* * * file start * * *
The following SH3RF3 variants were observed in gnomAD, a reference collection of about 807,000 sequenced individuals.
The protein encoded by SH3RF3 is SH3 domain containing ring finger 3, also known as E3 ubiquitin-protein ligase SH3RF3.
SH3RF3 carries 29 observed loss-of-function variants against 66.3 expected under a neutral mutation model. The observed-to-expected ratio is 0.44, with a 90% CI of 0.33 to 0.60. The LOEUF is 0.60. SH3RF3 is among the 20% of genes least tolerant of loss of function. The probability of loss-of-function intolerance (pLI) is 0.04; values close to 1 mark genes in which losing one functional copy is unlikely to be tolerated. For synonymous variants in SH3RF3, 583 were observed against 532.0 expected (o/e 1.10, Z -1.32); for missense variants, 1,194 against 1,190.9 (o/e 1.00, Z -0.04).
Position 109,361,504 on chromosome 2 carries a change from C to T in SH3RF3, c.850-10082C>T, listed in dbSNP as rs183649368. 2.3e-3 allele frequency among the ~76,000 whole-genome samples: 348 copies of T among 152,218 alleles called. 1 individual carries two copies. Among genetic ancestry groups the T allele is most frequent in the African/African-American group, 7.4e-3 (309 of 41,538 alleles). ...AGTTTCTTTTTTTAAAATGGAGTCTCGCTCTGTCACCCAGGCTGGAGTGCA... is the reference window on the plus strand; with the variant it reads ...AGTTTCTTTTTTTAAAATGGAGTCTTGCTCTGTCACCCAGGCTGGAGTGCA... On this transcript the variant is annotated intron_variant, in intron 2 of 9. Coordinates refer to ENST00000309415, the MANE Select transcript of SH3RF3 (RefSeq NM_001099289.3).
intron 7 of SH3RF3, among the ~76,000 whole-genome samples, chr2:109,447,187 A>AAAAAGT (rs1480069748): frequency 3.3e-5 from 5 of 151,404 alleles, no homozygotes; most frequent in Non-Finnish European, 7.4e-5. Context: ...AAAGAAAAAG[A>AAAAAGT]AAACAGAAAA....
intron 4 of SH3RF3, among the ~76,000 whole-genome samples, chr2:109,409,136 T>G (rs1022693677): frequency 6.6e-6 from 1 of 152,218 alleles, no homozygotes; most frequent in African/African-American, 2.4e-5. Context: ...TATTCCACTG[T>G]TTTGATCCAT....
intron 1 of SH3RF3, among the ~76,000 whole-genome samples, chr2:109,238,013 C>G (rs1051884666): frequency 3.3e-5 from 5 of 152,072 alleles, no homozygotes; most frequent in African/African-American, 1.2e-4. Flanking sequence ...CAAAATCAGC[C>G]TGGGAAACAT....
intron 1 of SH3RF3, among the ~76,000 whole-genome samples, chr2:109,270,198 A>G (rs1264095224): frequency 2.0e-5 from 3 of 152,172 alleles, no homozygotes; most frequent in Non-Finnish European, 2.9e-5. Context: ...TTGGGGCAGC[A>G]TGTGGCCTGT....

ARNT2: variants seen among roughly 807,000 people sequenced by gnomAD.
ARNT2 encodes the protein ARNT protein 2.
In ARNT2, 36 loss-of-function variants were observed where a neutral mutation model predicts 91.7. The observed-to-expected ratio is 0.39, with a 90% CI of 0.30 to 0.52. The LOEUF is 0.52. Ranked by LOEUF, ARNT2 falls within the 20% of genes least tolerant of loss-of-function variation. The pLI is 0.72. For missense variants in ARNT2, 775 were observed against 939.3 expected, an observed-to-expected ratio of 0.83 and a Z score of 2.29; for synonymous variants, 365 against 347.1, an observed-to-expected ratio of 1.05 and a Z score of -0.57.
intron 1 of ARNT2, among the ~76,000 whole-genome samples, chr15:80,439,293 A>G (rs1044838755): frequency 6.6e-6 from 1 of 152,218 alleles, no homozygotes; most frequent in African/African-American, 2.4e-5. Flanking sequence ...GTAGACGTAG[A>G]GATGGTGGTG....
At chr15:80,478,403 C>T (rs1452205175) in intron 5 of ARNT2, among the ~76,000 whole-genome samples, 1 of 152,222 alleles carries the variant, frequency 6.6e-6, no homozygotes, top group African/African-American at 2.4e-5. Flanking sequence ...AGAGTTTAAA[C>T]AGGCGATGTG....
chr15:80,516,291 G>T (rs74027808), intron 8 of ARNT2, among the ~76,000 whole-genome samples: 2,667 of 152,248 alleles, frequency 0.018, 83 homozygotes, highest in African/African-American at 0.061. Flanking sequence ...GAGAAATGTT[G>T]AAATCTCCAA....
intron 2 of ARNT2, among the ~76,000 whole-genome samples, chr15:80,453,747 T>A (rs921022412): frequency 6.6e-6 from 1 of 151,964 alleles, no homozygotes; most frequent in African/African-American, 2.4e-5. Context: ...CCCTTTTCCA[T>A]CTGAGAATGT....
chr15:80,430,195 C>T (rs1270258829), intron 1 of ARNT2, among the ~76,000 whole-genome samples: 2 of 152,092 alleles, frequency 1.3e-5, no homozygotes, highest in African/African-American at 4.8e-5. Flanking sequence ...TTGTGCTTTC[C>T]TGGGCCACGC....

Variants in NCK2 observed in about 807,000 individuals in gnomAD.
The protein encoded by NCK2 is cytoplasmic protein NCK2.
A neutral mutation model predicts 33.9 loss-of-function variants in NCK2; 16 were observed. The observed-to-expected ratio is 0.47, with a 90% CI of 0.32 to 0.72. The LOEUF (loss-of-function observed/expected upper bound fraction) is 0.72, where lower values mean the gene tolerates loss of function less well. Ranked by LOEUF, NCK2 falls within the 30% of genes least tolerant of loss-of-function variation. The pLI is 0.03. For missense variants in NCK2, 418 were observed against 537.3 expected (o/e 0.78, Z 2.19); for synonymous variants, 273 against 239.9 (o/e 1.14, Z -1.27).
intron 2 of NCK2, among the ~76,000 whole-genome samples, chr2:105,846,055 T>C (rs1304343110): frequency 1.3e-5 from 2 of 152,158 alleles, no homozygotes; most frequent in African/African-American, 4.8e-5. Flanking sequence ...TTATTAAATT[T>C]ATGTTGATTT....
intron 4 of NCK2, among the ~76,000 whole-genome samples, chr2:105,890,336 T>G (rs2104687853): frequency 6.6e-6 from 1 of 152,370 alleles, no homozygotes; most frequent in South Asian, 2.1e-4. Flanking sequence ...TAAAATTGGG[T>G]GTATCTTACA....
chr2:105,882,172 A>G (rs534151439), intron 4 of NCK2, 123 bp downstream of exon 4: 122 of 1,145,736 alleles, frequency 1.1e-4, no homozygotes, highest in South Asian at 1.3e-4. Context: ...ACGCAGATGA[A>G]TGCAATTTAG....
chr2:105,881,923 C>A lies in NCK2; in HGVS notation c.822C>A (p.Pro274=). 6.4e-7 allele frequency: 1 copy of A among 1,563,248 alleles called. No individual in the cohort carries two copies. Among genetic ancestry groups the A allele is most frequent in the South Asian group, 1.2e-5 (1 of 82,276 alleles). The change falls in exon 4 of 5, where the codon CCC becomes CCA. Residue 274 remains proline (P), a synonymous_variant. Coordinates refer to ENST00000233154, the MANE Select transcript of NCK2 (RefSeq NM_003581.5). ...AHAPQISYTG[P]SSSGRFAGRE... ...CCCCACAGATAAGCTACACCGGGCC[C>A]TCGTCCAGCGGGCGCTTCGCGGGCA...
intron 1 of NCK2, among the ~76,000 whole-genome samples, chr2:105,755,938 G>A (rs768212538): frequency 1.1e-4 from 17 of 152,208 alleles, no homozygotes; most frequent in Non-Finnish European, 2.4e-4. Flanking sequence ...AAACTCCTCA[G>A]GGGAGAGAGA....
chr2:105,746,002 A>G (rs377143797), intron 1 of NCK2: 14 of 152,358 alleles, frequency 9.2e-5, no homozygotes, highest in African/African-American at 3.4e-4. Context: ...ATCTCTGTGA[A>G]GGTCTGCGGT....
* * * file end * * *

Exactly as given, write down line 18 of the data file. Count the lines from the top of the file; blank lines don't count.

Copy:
The protein encoded by NCK2 is cytoplasmic protein NCK2.